*A note on leaving dogs at home - the reason I chose a French Bulldog is that I wanted a breed that wouldn't have separation anxiety. Upon doing my research, I found that Frenchies, and bulldogs in general, are good at being at home alone during the day. Now i'm sure there's going to be some readers out there who will immediately want to email me and tell me about their Frenchie who is neurotic and can't be left alone, but I would say the majority of Frenchies are good to go alone - not every single one of them.

With that being said, I often tell people please do your research before buying a dog. This isn't a toy or something to compliment your home. Its an animal with feelings. I made sure that very early on that Rocco had a dog walker seeing him every 4 hours when he was a puppy when I was at work. I would give him daily walks until he was about 18 months old, and then cut back to a twice weekly doggie day care. I cut that back, as he got older, to once a week doggie day care (on Wednesdays). In a perfect world, he wouldn't be alone - but there's no perfect situation for most dog owner.

Some dog owners are vehement about dogs never being left alone. In this regard I would agree - depending on the breed. Unfortunately this isn't a science and you simply will have people who are going to have to agree to disagree on dogs being left alone. I think, and this is just my opinion, that it's OK to leave a dog alone in your home, once they get "old enough" for this. You wouldn't want to leave a 5 year old toddler home alone, would you? I think the same is true for French Bulldogs. Early on, they need contact with people and other dogs. But, I think as they get older and more comfortable - they are OK home alone as long as if they are raised properly.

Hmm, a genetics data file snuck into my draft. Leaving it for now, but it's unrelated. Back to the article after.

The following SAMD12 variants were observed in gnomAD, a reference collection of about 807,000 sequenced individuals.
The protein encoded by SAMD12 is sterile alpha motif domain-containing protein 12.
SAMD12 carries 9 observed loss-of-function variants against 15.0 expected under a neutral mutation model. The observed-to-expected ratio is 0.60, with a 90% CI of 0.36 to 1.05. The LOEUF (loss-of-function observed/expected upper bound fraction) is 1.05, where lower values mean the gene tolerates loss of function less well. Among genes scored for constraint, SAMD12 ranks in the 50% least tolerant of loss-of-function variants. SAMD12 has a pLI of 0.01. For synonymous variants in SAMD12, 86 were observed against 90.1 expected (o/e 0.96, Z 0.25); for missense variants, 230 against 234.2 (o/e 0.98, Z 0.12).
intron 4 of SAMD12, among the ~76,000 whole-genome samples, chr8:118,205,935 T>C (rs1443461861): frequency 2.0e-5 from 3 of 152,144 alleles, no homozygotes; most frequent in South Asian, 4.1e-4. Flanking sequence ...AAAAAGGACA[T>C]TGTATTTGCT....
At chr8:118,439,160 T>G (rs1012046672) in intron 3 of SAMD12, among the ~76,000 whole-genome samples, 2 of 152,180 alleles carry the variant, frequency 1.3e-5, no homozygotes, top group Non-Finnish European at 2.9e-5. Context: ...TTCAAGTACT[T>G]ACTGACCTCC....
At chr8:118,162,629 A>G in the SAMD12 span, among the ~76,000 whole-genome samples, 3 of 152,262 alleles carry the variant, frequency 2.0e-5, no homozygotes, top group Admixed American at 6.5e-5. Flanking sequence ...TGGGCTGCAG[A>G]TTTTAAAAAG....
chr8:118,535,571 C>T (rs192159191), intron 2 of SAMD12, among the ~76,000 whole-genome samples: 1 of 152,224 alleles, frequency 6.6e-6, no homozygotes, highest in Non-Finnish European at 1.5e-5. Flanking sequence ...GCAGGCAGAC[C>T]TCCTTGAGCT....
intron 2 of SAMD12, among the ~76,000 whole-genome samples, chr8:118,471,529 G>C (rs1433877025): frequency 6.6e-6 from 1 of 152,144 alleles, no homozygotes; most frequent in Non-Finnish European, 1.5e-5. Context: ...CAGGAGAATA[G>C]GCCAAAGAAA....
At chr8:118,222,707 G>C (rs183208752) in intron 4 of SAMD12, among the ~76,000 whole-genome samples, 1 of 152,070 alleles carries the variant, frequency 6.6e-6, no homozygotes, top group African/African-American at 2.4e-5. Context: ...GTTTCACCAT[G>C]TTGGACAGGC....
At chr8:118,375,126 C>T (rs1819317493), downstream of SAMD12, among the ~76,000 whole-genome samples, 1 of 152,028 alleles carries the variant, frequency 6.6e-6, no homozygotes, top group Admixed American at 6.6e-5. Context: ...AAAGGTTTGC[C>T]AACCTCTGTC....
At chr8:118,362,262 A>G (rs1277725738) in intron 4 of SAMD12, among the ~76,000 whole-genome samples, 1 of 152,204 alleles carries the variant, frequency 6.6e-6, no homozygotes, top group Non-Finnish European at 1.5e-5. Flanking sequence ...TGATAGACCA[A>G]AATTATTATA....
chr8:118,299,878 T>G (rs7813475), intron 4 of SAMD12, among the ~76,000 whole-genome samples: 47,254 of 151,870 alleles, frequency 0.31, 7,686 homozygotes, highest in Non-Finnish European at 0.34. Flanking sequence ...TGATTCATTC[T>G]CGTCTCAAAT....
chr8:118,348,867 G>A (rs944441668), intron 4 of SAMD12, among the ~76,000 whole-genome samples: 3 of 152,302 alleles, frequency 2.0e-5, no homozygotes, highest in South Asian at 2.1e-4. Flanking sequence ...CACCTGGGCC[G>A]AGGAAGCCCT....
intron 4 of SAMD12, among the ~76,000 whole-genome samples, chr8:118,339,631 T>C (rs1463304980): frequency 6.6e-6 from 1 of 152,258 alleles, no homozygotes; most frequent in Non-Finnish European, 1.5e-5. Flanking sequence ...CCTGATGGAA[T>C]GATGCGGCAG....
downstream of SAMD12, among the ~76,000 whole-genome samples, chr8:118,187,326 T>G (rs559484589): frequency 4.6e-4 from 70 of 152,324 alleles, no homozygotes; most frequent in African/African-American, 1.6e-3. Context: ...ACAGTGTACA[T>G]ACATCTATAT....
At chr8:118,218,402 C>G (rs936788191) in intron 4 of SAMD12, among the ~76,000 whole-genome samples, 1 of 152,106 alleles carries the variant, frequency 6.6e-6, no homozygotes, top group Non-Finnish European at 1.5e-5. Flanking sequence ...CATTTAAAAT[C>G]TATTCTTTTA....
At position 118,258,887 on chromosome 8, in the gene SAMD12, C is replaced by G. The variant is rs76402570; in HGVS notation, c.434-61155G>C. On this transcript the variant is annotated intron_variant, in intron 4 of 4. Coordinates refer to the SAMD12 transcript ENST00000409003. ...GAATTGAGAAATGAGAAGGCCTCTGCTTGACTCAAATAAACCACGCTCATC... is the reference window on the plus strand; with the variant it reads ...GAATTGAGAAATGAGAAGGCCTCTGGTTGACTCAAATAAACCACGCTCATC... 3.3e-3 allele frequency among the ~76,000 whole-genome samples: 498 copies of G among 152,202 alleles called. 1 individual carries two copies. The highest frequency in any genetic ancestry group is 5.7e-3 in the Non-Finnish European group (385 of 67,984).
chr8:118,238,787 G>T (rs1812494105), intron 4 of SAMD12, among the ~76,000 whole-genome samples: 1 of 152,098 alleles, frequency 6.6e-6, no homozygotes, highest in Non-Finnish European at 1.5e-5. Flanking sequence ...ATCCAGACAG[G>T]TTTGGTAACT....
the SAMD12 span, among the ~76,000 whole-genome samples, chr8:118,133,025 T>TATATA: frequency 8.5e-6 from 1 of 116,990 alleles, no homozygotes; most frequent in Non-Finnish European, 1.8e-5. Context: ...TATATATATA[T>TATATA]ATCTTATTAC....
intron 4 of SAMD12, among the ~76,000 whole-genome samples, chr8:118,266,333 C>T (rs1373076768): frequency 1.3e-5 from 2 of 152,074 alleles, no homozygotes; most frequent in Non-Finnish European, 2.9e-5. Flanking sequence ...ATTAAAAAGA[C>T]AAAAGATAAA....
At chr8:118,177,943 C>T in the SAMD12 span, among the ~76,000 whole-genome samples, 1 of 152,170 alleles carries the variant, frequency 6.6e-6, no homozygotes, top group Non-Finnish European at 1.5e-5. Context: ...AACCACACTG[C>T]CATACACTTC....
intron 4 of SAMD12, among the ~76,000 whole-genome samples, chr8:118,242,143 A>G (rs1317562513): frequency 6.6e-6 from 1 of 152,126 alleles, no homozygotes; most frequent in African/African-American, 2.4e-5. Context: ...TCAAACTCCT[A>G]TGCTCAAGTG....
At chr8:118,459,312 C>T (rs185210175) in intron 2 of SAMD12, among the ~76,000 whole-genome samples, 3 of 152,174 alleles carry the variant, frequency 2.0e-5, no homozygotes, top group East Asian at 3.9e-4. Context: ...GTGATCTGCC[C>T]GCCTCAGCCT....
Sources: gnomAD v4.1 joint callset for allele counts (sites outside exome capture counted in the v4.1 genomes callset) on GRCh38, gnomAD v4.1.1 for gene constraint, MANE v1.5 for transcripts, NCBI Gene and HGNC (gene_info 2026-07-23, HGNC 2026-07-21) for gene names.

I was reading this article today.

"At some point, we will become a gun-safe, and then a gun-sane, and finally a gun-free society."

Jefferson wrote: "What country can preserve its liberties if their rulers are not warned from time to time that their people preserve the spirit of resistance?"

The problem we run into is if you take all the guns away from the citizens what would stop a government from, in the future, slowly stripping away other rights until the day comes in which it is no longer a Democratic institution but a benevolent Oligarchy? It no longer fears the people could rise up and revolt, because they no longer have guns. "We can protest" people will say, and they will roll tanks into the squares to crush the opposition.

Absurd, right?

Tell that to the Chinese and the Tienanmen Square revolt for Democracy that didn't go so well. Tell that to the Syrians who are being slaughtered by a government that out guns them. We were a country born of revolt from a King that sought to oppress us.

The 2nd amendment is read like this:
"A well regulated militia being necessary to the security of a free state, the right of the people to keep and bear arms shall not be infringed."

It means nothing about militia owning guns. It uses the militia as context here. Its recognizing that a militia is important FOR a free state, and the key is the COMMA - the pause to say "Hey we know militias are important BUT..."

The right of the people to keep and bear arms shall NOT be infringed.

That's it. We can squabble about what exactly the arms the forefathers envisioned, but at the time people could own the same guns that were given to military troops. Re-read what I wrote about Jefferson and keeping the government in check.

You give the government all the power - be careful what you wish for.